Gardeners' Dirt: Salute to red, white and blue - planting a patriotic garden
Variations of red, white and blue plantings
• Red salvia, white lantana, blue plumbago
• Red bottlebrush, white mistflower, blue daze
• Red zinnias, white musical notes, blue vitex
• Red bottlebrush, white gaura, blue plumbago
• Red firebush, white petunias, blue daze.
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Growing up in Pennsylvania, one of the original colonies, I appreciate the dedication of the generations of troops who fought for our country.
Each time I place my hand over my heart to salute our flag or sing our national anthem, I am reminded of the many freedoms and privileges we have in the United States of America.
In tribute to these many troops, I planted a red, white and blue garden. And while some of the plants were seasonal and selected for hot summer months, others thrive into the fall and beyond.
As a group, the plants present a patriotic picture for your planning purposes should you choose to include a red, white and blue garden in your landscape.
Red salvia, or "summer jewel red" or Salvia splendens, is a perennial that blooms from spring to autumn. Within 50 days, this plant can go from seed to a mature plant. It likes morning sun and afternoon shade to reward the grower with its brilliant red blooms. Its mature height is around 20 inches, which can give your garden a little mid-sized elevation. An added bonus of this brilliant, red-colored plant is that it attracts hummingbirds.
The red zinnia, or Zinnia elegans, can add a spark of red to your patriotic garden with its scarlet colors all summer long. These heat-resistant annuals like a sunny area, but will require extra moisture during our hot Texas summer days. However, when watering, don't allow moisture on the leaves, as that can cause mildew. Their mature heights range from 6 to 36 inches.
Nicotiana, or Nicotiana alata or Nicotiana sylvestris, is a perennial often grown for its fragrant, white, tubular blooms. This plant also referred to as flowering tobacco can be found in rose, red, scarlet, lime green and mauve. Although requiring little water, it needs to be watered frequently. Nicotiana can be grown easily from seeds and will reseed itself. Most of the year, it does well in full sun, but in the extreme heat of the south Texas summer, it needs afternoon shade.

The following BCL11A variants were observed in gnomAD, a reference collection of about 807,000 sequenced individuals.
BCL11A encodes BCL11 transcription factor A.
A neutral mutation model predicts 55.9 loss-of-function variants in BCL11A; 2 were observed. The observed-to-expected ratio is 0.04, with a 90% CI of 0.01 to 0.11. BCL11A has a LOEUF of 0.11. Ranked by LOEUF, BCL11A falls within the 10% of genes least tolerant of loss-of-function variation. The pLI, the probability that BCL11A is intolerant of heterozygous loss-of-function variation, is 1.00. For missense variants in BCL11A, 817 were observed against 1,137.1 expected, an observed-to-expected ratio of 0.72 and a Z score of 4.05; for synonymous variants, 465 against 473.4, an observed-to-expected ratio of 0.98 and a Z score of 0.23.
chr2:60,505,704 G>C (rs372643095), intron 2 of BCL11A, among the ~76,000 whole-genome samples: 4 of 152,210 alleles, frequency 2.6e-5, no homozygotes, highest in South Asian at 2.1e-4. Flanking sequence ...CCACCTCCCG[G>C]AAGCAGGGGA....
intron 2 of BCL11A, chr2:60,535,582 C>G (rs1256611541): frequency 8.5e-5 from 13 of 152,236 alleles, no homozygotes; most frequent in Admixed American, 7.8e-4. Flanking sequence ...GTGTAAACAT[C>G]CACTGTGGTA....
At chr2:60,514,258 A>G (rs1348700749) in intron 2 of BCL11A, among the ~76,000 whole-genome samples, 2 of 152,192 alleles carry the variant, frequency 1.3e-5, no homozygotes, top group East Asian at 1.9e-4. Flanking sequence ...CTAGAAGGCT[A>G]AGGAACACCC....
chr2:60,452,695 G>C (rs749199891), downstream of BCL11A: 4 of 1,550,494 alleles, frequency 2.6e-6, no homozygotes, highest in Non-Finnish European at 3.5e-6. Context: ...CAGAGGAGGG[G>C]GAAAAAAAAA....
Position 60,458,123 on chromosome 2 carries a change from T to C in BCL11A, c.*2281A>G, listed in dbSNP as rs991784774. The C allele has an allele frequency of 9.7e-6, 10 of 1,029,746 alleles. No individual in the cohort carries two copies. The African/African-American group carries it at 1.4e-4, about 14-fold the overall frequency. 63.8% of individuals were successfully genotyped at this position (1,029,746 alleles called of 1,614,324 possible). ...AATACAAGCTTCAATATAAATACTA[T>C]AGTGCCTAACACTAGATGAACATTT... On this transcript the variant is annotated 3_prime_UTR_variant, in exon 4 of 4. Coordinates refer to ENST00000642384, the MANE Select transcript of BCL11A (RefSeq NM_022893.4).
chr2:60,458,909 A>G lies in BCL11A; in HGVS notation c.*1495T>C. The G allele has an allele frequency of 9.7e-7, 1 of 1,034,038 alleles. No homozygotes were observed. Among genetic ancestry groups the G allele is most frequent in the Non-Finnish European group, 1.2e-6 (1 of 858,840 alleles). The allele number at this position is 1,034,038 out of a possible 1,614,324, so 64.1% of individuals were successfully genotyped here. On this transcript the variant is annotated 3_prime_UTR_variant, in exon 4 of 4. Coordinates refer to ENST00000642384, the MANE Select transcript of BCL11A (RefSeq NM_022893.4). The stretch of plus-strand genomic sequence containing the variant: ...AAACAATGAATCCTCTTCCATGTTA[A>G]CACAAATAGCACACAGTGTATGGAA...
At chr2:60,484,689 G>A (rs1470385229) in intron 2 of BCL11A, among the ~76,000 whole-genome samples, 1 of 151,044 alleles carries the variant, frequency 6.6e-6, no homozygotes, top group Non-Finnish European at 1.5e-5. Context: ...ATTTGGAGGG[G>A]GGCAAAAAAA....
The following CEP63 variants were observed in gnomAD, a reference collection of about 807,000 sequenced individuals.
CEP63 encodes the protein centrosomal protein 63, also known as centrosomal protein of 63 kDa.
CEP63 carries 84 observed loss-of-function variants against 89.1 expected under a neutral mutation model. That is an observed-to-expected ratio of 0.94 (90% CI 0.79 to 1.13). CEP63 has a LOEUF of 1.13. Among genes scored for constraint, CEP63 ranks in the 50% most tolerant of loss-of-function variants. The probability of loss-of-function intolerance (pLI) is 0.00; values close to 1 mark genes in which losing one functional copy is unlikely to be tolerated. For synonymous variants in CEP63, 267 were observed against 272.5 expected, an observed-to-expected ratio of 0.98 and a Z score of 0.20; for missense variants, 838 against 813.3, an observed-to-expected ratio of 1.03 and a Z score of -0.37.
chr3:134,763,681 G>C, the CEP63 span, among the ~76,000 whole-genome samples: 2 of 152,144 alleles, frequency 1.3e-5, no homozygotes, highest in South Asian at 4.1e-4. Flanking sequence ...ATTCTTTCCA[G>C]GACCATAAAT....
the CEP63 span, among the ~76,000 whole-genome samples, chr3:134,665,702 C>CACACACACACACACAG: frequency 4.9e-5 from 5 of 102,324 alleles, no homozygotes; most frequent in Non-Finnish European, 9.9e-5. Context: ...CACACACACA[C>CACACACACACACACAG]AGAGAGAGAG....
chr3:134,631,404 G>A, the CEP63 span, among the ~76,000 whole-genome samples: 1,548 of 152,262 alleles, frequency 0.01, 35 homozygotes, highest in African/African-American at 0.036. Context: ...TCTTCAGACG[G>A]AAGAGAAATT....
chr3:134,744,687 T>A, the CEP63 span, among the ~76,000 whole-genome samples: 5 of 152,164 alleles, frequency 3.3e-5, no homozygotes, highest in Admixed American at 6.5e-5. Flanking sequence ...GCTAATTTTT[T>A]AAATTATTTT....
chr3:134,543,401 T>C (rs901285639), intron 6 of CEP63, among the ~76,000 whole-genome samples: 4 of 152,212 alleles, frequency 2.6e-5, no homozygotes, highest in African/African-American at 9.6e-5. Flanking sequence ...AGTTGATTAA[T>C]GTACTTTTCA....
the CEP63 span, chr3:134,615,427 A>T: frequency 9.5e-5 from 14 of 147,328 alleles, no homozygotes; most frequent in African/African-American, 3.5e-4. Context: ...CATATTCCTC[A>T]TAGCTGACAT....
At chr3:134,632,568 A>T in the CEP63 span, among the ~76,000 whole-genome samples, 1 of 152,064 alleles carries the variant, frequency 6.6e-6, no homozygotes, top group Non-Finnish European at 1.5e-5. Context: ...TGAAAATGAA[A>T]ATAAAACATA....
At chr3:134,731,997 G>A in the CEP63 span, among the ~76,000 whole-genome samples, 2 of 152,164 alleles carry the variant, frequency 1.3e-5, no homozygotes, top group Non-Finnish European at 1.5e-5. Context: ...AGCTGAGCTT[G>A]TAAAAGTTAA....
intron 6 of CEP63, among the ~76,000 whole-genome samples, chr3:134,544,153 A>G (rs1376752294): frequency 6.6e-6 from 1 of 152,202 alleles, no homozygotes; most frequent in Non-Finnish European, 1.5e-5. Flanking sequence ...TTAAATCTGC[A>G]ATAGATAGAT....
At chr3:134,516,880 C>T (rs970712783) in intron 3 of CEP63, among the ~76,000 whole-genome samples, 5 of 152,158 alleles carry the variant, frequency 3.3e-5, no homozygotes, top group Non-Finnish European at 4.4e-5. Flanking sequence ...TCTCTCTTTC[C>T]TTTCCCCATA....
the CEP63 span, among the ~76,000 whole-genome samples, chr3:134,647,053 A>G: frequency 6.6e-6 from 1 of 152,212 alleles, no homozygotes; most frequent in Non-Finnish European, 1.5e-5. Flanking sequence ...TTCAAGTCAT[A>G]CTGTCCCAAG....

White musical notes
You only have to look at musical notes clerodendrum or Clerodendrum incisum to understand why this name was chosen for this plant. This shrub can reach a height of 4 feet when it is grown in full morning sun or filtered shade. It likes well-drained, moist soil but can tolerate dry spells. It blooms from spring to fall.
The blue plumbago, a Texas Superstar, is an evergreen shrub that blooms a sky blue color in full sun. It is native to South Africa but grows well locally in favorable growing conditions with minimal soil preparation, minimal amount of additional water required and no use of pesticides. Also known as sky flower because of its vivid blue color, this shrub will bloom profusely if kept pruned.
For those of you who share your acreage with deer, this shrub is also deer resistant, a plus in Texas.
Baby blue eyes
Growing well in light, sandy soil is baby blue eyes, or Nemophila insignis. This annual blooms from March to May in partial shade with moderate water. This is a low-growing plant with blue cup-shaped flowers. It reaches a height between 6 to 12 inches, making it a good one for rock gardens or areas requiring different elevations.
Garden art in plans
When I was planning my garden I thought of the space and varieties of height, color and texture. I used white lantana in front, blue plumbago in the middle and the red bottlebrush in the back of the garden. A variation of this for a smaller garden could be white petunias, blue daze and red salvia. There are countless variations of the theme. Don't forget a little yard art to add even more color as well as the U.S. flag on patriotic days.
As we celebrate another Veterans Day, my hat goes off to the many veterans who have served their country and especially to those who laid down their lives out of love for their country.
The Gardeners' Dirt is written by members of the Victoria County Master Gardener Association, an educational outreach of Texas AgriLife Extension - Victoria County. Mail your questions in care of the Advocate, P.O. Box 1518, Victoria, TX 77901; or firstname.lastname@example.org, or comment on this column at www.VictoriaAdvocate.com.